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How COVID-19 Is Shifting Job Responsibilities for Samsung Employees: Supply Chain

Customers are seeing products, solutions, and services through a new lens – a lens that is continuing to evolve and likely to have a lasting effect on long-term behavioral trends.

As part of a Q&A series, Samsung employees across business areas share their views on what customers’ new expectations, needs and priorities are; how they plan to meet their evolved demands; and which habits are here to stay.

Supply Chain - Reinventing Roles - COVID 19

Name: Sue Carlton [LinkedIn]
Title: Supply Chain Manager, TV Production, Sales & Inventory
Location: Ridgefield Park, New Jersey
Years with Samsung: 10 years, 6 months

1. Has your customer’s expectations, behaviors, and priorities evolved in this new environment? If so, how?

We’re seeing unprecedented demand for consumer TVs and our retail partners rely on us to maintain a steady supply of product. There has also been amplified demand for longer term supply visibility and we’ve seen a new willingness from our partners to provide us with an extended commitment horizon to secure product. Simultaneously, this is putting even more pressure on our operations to execute flawlessly every step of the way. Basically, “On Time, In Full” expectations have never been higher.

Supply Chain - Reinventing Roles - COVID 19
The supply chain team gets down to business on a virtual call.

2. How are you responding to meet the changing needs of your customer?

At the onset of the crisis in the U.S. and abroad, we had to develop contingency plans for possible factory and supplier closures in Mexico. We flexed rapidly to execute quick production and export to our U.S. warehouses and, with an assist from our Global Operations office, we were able to secure additional production space in factories in Europe and Asia.

SEA TV supply chain management has always had a close partnership with other working groups. But now more than ever, we’re actively engaging more closely on a daily basis with our primary factory, Product Marketing, Corporate Affairs, Logistics, Global Operations, Sales, and Collaborative Planning, Forecasting and Replenishment teams.

Now, there’s heavy micromanagement involved in our daily operations. Our vendors have become more reliant on Samsung and there’s an increase in requests for information exchange. I often think of our Production, Sales & Inventory team as air traffic control; operationally, we’re the middleman for integral data points to and from so many other departments.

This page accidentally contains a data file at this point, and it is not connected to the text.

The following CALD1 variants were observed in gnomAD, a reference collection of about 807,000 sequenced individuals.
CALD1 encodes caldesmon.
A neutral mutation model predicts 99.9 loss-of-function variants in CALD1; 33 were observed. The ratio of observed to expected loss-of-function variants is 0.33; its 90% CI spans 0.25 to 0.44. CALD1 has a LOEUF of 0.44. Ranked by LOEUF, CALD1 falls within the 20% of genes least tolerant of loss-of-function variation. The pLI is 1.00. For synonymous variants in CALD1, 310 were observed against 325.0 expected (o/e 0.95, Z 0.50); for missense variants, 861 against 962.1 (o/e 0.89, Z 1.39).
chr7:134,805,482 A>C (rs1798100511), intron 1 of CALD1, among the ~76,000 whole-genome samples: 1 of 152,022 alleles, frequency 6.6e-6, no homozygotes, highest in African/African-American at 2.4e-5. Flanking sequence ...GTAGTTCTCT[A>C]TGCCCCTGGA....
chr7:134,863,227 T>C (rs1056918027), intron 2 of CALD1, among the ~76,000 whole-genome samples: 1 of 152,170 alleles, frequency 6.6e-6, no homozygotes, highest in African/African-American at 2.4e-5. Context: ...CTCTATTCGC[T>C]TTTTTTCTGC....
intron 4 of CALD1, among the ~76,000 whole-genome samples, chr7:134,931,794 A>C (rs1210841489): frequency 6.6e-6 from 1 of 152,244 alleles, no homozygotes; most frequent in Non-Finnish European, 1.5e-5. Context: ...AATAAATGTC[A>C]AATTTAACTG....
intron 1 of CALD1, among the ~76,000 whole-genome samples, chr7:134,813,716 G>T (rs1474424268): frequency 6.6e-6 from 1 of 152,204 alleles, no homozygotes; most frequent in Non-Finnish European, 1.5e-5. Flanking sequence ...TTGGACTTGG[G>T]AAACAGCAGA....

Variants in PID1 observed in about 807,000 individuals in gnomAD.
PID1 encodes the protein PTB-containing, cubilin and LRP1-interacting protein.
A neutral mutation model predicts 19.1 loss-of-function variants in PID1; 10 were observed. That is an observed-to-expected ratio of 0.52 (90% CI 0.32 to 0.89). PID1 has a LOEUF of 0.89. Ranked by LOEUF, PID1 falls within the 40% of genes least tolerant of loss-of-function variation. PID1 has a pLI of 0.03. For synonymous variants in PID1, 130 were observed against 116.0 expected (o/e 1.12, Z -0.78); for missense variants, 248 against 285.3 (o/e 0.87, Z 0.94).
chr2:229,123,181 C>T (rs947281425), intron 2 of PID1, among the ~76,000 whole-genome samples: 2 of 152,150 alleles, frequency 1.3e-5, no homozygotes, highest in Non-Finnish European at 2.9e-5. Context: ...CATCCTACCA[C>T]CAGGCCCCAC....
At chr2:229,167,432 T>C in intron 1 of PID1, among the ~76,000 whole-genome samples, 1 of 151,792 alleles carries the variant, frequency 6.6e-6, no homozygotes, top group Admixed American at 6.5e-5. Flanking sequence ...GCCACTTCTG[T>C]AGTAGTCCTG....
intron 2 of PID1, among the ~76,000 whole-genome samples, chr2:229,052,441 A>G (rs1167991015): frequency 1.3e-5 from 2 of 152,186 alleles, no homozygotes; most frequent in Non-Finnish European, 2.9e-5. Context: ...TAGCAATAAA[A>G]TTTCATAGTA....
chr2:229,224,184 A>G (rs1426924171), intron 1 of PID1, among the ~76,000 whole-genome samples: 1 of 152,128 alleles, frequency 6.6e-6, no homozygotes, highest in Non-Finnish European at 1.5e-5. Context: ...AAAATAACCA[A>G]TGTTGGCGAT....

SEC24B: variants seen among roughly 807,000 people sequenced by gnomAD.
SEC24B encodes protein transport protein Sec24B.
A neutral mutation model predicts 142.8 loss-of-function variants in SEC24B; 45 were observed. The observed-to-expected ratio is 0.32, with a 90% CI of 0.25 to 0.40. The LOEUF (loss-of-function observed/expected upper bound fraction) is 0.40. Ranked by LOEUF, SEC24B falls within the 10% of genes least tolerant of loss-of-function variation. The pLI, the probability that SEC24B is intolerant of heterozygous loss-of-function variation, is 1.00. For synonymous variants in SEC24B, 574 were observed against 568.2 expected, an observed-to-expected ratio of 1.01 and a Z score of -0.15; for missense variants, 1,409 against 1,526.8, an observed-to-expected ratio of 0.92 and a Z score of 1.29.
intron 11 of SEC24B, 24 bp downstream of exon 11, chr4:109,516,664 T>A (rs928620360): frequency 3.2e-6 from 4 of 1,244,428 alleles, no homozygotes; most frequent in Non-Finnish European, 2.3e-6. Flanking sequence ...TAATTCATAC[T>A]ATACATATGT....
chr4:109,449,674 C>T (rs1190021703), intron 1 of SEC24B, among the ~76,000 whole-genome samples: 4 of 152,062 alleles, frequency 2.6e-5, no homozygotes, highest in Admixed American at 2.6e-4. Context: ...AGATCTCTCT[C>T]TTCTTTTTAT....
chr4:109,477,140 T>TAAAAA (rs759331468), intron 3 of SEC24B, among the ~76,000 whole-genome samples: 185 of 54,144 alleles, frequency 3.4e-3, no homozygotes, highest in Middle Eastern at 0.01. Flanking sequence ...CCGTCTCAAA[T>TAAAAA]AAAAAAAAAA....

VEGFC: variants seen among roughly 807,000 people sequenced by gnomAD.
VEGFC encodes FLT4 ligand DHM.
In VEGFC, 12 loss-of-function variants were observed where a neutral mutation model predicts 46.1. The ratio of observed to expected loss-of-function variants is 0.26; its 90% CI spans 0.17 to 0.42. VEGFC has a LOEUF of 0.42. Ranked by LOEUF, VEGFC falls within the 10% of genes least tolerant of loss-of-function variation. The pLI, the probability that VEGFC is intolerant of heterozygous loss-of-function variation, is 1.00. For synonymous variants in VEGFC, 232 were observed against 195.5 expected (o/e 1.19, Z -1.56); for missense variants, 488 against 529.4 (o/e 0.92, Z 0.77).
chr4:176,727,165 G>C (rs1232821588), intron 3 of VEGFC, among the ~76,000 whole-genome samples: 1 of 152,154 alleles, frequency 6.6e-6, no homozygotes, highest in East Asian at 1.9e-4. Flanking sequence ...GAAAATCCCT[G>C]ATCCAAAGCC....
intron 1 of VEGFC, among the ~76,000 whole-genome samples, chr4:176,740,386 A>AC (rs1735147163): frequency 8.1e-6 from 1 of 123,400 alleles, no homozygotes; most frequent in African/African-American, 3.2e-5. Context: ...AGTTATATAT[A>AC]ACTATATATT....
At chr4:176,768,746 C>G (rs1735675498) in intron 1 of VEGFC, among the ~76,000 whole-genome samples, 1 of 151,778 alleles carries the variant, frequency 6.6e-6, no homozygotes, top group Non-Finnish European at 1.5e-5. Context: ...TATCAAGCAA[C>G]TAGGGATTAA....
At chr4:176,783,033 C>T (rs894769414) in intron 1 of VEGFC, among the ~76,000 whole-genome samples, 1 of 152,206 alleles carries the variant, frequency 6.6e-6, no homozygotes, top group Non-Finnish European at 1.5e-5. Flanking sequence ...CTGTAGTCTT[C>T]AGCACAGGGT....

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Historically, the summer months have been a time when we could recharge, re-evaluate process, and strategize for holiday season execution. But this year, we’ve experienced the momentum we typically see in November and December since March with no signs of letting up. We’ve had to navigate through roadblocks faster and implement new processes on the fly. We’ve executed expanded back-end functionality for Samsung.com, and are working with some key partners to grow e-commerce assortments and drive online business. We’re also in the midst of redesigning planning platforms to encompass updated metrics that further align shipment plans. And we’ve also been monitoring demand signals closely to ensure that we are prepared to react appropriately. I’m so proud of my teammates for digging in and making it happen while navigating a new work-from-home (WFH) environment. They are all rock stars!

We’re reminding each other to eat regularly, take our vitamins, wear personal protective equipment, stay safe, and get some rest when we can. Wellness of fellow colleagues is top-of-mind

Sue Carlton Supply Chain Manager

3. How are you keeping your customers and colleagues safe while playing a reimagined role in customers’ lives?

Online/e-commerce business transactions have accelerated as consumers demand and the current environment requires a contactless shopping experience. As such, we’ve focused on driving replenishment on our own platform, as well as those of our retail partners.

On a micro level, our team has been utilizing web conferencing for virtual teams and daily interdepartmental meetings. During these discussions, we’re reminding each other to eat regularly, take our vitamins, wear personal protective equipment, stay safe, and get some rest when we can. Wellness of fellow colleagues is top-of-mind.

Sue supports the supply chain team that manages Samsung TVs.

4. Which new habits and behaviors do you anticipate will continue in the long run?

I certainly think that virtual conferencing tools are here to stay and we’ll be seeing a reduction in business travel. These tools have given us the ability to “fly” all over the world within the span of one day.

I also sense that our customers will continue to ask us to be engaged with them in a very “micro-dynamic” way. We’ll need to continuously evaluate our sourcing patterns for finished goods. Greater diversification of sourcing could be an important tool to combat regionalized shutdowns.

5. Will their new and potentially everlasting behaviors transform the industry’s future?

We’ve collectively been thinking a lot about what the holiday sales season looks like this year. Does it even exist anymore? Will it ever exist again? As many consumers have been quarantined for months and are shifting their spending habits to their homes right now, will there be a need/want to buy CE products in Q4? I’m very interested to see how this will play out…imagine no day after Thanksgiving sales?! That would be truly transformational.

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